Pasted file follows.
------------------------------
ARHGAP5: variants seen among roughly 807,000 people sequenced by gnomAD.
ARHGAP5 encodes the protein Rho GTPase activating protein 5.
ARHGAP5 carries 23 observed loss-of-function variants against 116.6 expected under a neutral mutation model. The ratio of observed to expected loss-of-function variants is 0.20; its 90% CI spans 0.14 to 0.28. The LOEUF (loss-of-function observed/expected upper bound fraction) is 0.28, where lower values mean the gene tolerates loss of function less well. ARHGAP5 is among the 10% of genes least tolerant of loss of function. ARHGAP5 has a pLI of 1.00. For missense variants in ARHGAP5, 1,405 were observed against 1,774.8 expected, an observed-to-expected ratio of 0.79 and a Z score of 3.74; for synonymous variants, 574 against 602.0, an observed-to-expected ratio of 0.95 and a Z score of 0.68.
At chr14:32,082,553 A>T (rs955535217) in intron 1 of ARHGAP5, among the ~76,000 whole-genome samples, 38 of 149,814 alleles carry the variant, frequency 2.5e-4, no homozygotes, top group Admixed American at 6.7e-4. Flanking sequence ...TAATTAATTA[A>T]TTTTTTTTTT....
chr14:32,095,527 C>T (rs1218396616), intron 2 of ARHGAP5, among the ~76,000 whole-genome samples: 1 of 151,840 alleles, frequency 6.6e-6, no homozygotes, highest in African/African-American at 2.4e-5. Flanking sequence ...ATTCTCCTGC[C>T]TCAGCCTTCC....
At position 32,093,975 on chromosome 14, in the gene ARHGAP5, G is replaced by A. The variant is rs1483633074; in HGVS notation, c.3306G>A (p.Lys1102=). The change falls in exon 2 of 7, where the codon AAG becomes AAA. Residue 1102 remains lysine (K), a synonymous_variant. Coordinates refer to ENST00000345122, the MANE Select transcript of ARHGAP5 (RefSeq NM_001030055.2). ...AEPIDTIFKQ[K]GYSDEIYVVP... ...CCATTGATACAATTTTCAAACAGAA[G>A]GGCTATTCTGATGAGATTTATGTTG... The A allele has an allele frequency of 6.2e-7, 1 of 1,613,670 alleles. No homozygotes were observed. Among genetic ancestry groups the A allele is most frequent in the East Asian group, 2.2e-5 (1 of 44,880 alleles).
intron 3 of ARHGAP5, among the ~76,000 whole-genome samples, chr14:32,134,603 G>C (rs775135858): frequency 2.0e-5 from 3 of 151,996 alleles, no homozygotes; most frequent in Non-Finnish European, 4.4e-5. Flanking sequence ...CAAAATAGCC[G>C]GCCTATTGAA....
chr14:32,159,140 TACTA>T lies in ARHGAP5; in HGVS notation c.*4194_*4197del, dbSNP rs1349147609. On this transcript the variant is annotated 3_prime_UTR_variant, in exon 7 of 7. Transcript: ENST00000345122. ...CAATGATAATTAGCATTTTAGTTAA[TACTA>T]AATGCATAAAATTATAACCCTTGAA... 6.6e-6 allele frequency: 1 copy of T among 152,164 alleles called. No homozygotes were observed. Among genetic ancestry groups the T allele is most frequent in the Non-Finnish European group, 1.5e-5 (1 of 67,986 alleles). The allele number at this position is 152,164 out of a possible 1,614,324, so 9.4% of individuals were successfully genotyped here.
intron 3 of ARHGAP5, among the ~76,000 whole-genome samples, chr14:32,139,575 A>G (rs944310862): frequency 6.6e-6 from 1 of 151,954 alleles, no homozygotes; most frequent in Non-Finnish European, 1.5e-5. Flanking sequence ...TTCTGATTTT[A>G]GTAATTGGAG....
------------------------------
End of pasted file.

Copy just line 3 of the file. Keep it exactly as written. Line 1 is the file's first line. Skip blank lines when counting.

ARHGAP5 carries 23 observed loss-of-function variants against 116.6 expected under a neutral mutation model. The ratio of observed to expected loss-of-function variants is 0.20; its 90% CI spans 0.14 to 0.28. The LOEUF (loss-of-function observed/expected upper bound fraction) is 0.28, where lower values mean the gene tolerates loss of function less well. ARHGAP5 is among the 10% of genes least tolerant of loss of function. ARHGAP5 has a pLI of 1.00. For missense variants in ARHGAP5, 1,405 were observed against 1,774.8 expected, an observed-to-expected ratio of 0.79 and a Z score of 3.74; for synonymous variants, 574 against 602.0, an observed-to-expected ratio of 0.95 and a Z score of 0.68.